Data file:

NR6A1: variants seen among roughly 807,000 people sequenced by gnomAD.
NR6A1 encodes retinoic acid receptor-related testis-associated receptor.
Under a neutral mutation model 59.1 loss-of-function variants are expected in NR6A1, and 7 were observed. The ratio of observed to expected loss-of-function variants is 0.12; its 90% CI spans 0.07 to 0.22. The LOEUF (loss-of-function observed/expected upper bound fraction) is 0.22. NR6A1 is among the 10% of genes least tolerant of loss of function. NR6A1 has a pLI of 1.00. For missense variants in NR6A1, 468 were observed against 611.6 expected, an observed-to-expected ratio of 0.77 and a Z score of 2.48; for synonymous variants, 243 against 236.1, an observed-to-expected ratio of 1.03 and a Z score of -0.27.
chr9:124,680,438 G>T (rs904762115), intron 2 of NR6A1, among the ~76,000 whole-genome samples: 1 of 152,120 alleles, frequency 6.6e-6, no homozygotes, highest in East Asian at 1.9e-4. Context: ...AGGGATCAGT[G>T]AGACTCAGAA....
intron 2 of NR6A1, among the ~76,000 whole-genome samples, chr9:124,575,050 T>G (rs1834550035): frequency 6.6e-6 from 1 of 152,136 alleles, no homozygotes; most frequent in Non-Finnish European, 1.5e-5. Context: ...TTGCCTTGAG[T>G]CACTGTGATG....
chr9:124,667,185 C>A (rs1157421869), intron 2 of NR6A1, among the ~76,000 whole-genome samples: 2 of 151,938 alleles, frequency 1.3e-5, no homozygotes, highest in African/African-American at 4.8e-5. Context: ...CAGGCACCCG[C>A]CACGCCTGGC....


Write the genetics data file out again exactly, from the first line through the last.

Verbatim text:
NR6A1: variants seen among roughly 807,000 people sequenced by gnomAD.
NR6A1 encodes retinoic acid receptor-related testis-associated receptor.
Under a neutral mutation model 59.1 loss-of-function variants are expected in NR6A1, and 7 were observed. The ratio of observed to expected loss-of-function variants is 0.12; its 90% CI spans 0.07 to 0.22. The LOEUF (loss-of-function observed/expected upper bound fraction) is 0.22. NR6A1 is among the 10% of genes least tolerant of loss of function. NR6A1 has a pLI of 1.00. For missense variants in NR6A1, 468 were observed against 611.6 expected, an observed-to-expected ratio of 0.77 and a Z score of 2.48; for synonymous variants, 243 against 236.1, an observed-to-expected ratio of 1.03 and a Z score of -0.27.
chr9:124,680,438 G>T (rs904762115), intron 2 of NR6A1, among the ~76,000 whole-genome samples: 1 of 152,120 alleles, frequency 6.6e-6, no homozygotes, highest in East Asian at 1.9e-4. Context: ...AGGGATCAGT[G>T]AGACTCAGAA....
intron 2 of NR6A1, among the ~76,000 whole-genome samples, chr9:124,575,050 T>G (rs1834550035): frequency 6.6e-6 from 1 of 152,136 alleles, no homozygotes; most frequent in Non-Finnish European, 1.5e-5. Context: ...TTGCCTTGAG[T>G]CACTGTGATG....
chr9:124,667,185 C>A (rs1157421869), intron 2 of NR6A1, among the ~76,000 whole-genome samples: 2 of 151,938 alleles, frequency 1.3e-5, no homozygotes, highest in African/African-American at 4.8e-5. Context: ...CAGGCACCCG[C>A]CACGCCTGGC....